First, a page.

There are several concepts that do not make sense to my Chinese friends. I have given up trying to explain the O.J. Simpson verdict and indeed why our trials drag on for weeks and months. And I simply cannot explain why “tracking” is considered a bad practice by U.S. schools.
Tracking is the practice of sending students off on separate tracks depending on their abilities. It is institutionalized in Commonwealth countries where testing at the middle school level in Canada or the United Kingdom results in a student being tracked into academic A-level courses or ordinary O-level vocational training.
“Teach children according to their ability” is a translation of a Chinese saying that probably dates from the Song Dynasty or about 1000 years ago. It is a clear recognition of the fact that children are different both in the scholarly abilities they bring to a classroom, and also in their work-study ethic and interests.
It seems only natural that a child who learns faster and achieves more should be allowed to move into advanced coursework. Other children that can barely master the introductory level are not ready for advanced work and may never be. Yet, American education is caught up in egalitarian phrases such as “all children will succeed” and “Science for All Americans.” We are so focused on providing every child with a uniform floor of achievement that we are increasingly leaving the best students behind.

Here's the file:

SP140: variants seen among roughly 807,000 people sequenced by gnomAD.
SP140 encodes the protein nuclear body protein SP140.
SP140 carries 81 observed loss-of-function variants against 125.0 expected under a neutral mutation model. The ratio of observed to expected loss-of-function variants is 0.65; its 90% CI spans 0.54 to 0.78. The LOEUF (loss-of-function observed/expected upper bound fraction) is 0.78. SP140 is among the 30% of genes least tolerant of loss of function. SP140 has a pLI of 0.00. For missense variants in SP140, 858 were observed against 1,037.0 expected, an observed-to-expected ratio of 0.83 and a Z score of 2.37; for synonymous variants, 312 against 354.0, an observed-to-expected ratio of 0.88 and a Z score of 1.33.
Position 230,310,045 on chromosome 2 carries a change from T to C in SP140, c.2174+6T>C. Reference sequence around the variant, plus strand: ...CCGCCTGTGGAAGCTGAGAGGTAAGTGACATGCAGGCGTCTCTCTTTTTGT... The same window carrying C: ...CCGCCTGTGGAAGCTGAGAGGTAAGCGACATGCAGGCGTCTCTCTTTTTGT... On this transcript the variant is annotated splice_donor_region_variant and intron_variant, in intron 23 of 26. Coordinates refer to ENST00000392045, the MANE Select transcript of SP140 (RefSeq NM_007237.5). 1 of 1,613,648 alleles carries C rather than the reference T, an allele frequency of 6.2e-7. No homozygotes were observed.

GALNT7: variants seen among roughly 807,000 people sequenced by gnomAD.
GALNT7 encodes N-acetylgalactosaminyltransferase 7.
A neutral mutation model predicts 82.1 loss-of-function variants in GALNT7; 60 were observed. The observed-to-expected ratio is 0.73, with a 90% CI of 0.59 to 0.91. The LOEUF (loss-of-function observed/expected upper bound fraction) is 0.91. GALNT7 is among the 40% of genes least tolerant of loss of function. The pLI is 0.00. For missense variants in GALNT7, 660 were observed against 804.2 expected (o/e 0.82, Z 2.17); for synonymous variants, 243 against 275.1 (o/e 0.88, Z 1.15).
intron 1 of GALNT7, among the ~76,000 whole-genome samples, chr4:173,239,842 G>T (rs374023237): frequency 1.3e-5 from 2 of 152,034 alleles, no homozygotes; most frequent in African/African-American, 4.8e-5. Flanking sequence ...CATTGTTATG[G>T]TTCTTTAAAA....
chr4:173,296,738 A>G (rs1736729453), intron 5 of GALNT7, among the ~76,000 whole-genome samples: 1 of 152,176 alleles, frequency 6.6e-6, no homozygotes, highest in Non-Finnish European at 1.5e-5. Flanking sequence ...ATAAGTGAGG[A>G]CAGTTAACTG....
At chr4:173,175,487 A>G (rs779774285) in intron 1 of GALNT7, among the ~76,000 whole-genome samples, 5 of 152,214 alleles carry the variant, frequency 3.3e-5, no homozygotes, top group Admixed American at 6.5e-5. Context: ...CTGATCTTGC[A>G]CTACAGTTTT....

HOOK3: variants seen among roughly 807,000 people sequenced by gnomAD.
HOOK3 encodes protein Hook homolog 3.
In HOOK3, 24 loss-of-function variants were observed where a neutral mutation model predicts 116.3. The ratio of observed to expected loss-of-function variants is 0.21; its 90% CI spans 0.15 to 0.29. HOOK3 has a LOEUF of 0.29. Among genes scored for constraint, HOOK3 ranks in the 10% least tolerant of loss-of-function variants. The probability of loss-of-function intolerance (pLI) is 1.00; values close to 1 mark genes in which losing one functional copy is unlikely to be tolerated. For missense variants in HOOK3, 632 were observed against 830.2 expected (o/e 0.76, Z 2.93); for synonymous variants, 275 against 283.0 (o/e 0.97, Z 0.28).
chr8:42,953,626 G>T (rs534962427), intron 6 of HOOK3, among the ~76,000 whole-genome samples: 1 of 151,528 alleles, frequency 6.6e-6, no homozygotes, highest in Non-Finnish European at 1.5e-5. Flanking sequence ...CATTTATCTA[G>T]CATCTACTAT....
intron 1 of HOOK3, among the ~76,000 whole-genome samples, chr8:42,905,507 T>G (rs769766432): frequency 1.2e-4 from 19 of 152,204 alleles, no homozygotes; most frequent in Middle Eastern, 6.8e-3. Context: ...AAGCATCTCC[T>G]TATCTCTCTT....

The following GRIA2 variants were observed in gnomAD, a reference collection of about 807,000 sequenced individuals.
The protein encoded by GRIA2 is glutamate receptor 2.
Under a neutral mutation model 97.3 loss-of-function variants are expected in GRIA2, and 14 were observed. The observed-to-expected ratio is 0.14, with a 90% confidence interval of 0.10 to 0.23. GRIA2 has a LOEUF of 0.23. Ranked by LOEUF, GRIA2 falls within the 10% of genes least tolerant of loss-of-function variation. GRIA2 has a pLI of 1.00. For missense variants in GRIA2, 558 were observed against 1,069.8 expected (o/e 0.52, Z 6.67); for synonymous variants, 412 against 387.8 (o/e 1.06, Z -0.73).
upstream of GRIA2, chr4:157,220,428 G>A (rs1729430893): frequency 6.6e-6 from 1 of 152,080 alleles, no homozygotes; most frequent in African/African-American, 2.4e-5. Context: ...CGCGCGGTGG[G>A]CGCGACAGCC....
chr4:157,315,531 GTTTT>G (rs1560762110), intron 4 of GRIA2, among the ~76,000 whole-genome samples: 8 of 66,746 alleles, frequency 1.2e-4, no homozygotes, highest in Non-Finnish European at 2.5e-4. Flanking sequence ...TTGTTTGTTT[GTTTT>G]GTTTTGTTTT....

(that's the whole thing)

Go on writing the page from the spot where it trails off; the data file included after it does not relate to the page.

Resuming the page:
No worse form of this attitude can be found than the so-called upstart program found in some schools, including some in Wichita, where students who have barely passed the introductory high school science course are allowed to enrol in advanced science courses. Having not shown the prerequisite science skills, they now move into a course for which they are not only unqualified, but where they also hold back the legitimate advanced students. This is nothing short of malpractice.
China does not have the resources to waste teachers and classroom and laboratory space on students who have shown no or limited ability in a subject. They see advanced coursework as a privilege that students earn by performing well in the prerequisite courses. They reserve advanced coursework and advanced teachers for advanced students. We pretend every student can achieve, and as a result are squandering resources on trying to equalize educational achievement while shortchanging our truly advanced students.
Still today, the word “tracking” will get a teacher in trouble in their hyper-political vocation. They might be able to advocate for their advanced students by using the term “ability grouping.” For readers who may seize on the value-added “growth model” as a solution, well it isn’t. Again, such a model still lays down the same route and goals but just lets some students get there slower.
The Chinese saying “teach students according to their ability” never says that they all have the same ability to meet NCLB scores in math or reading. It says that students have different abilities. This ancient saying recognizes diversity and respects individual differences. How odd that U.S. educational philosophy insists on forcing all students to fit like pegs into the same uniform holes.